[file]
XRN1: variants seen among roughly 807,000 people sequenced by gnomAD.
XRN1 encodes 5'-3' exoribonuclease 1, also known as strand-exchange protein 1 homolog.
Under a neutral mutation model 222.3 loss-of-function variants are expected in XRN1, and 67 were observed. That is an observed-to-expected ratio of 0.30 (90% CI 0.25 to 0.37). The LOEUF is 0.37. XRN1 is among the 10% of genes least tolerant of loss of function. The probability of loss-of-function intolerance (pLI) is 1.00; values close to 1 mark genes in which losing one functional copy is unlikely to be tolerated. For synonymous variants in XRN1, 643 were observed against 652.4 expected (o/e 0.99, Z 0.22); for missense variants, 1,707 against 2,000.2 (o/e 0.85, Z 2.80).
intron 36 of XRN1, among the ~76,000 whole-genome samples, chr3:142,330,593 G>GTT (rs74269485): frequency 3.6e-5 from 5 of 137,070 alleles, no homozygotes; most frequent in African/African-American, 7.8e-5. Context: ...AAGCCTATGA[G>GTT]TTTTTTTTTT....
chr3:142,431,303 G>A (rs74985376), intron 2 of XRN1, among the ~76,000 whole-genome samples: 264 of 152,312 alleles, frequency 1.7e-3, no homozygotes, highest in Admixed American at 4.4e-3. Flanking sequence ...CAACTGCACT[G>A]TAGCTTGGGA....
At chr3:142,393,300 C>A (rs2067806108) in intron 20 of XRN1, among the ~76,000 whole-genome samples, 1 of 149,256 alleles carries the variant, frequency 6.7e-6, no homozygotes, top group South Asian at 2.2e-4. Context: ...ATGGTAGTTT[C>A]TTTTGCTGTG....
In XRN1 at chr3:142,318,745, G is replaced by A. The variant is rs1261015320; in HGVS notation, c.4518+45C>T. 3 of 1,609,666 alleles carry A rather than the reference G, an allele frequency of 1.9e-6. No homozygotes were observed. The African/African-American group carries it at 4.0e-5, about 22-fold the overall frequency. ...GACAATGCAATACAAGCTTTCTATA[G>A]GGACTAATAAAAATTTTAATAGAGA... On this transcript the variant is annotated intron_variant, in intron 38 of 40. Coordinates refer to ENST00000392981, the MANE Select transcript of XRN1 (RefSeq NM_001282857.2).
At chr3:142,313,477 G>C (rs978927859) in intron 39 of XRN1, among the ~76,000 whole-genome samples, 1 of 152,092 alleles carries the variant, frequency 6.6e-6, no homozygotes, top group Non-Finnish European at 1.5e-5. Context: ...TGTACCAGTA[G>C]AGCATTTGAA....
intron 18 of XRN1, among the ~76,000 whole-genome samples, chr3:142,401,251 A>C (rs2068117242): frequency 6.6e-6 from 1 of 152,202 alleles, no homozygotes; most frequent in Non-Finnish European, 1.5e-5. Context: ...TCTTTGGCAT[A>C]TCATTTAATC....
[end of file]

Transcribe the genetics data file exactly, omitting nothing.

XRN1: variants seen among roughly 807,000 people sequenced by gnomAD.
XRN1 encodes 5'-3' exoribonuclease 1, also known as strand-exchange protein 1 homolog.
Under a neutral mutation model 222.3 loss-of-function variants are expected in XRN1, and 67 were observed. That is an observed-to-expected ratio of 0.30 (90% CI 0.25 to 0.37). The LOEUF is 0.37. XRN1 is among the 10% of genes least tolerant of loss of function. The probability of loss-of-function intolerance (pLI) is 1.00; values close to 1 mark genes in which losing one functional copy is unlikely to be tolerated. For synonymous variants in XRN1, 643 were observed against 652.4 expected (o/e 0.99, Z 0.22); for missense variants, 1,707 against 2,000.2 (o/e 0.85, Z 2.80).
intron 36 of XRN1, among the ~76,000 whole-genome samples, chr3:142,330,593 G>GTT (rs74269485): frequency 3.6e-5 from 5 of 137,070 alleles, no homozygotes; most frequent in African/African-American, 7.8e-5. Context: ...AAGCCTATGA[G>GTT]TTTTTTTTTT....
chr3:142,431,303 G>A (rs74985376), intron 2 of XRN1, among the ~76,000 whole-genome samples: 264 of 152,312 alleles, frequency 1.7e-3, no homozygotes, highest in Admixed American at 4.4e-3. Flanking sequence ...CAACTGCACT[G>A]TAGCTTGGGA....
At chr3:142,393,300 C>A (rs2067806108) in intron 20 of XRN1, among the ~76,000 whole-genome samples, 1 of 149,256 alleles carries the variant, frequency 6.7e-6, no homozygotes, top group South Asian at 2.2e-4. Context: ...ATGGTAGTTT[C>A]TTTTGCTGTG....
In XRN1 at chr3:142,318,745, G is replaced by A. The variant is rs1261015320; in HGVS notation, c.4518+45C>T. 3 of 1,609,666 alleles carry A rather than the reference G, an allele frequency of 1.9e-6. No homozygotes were observed. The African/African-American group carries it at 4.0e-5, about 22-fold the overall frequency. ...GACAATGCAATACAAGCTTTCTATA[G>A]GGACTAATAAAAATTTTAATAGAGA... On this transcript the variant is annotated intron_variant, in intron 38 of 40. Coordinates refer to ENST00000392981, the MANE Select transcript of XRN1 (RefSeq NM_001282857.2).
At chr3:142,313,477 G>C (rs978927859) in intron 39 of XRN1, among the ~76,000 whole-genome samples, 1 of 152,092 alleles carries the variant, frequency 6.6e-6, no homozygotes, top group Non-Finnish European at 1.5e-5. Context: ...TGTACCAGTA[G>C]AGCATTTGAA....
intron 18 of XRN1, among the ~76,000 whole-genome samples, chr3:142,401,251 A>C (rs2068117242): frequency 6.6e-6 from 1 of 152,202 alleles, no homozygotes; most frequent in Non-Finnish European, 1.5e-5. Context: ...TCTTTGGCAT[A>C]TCATTTAATC....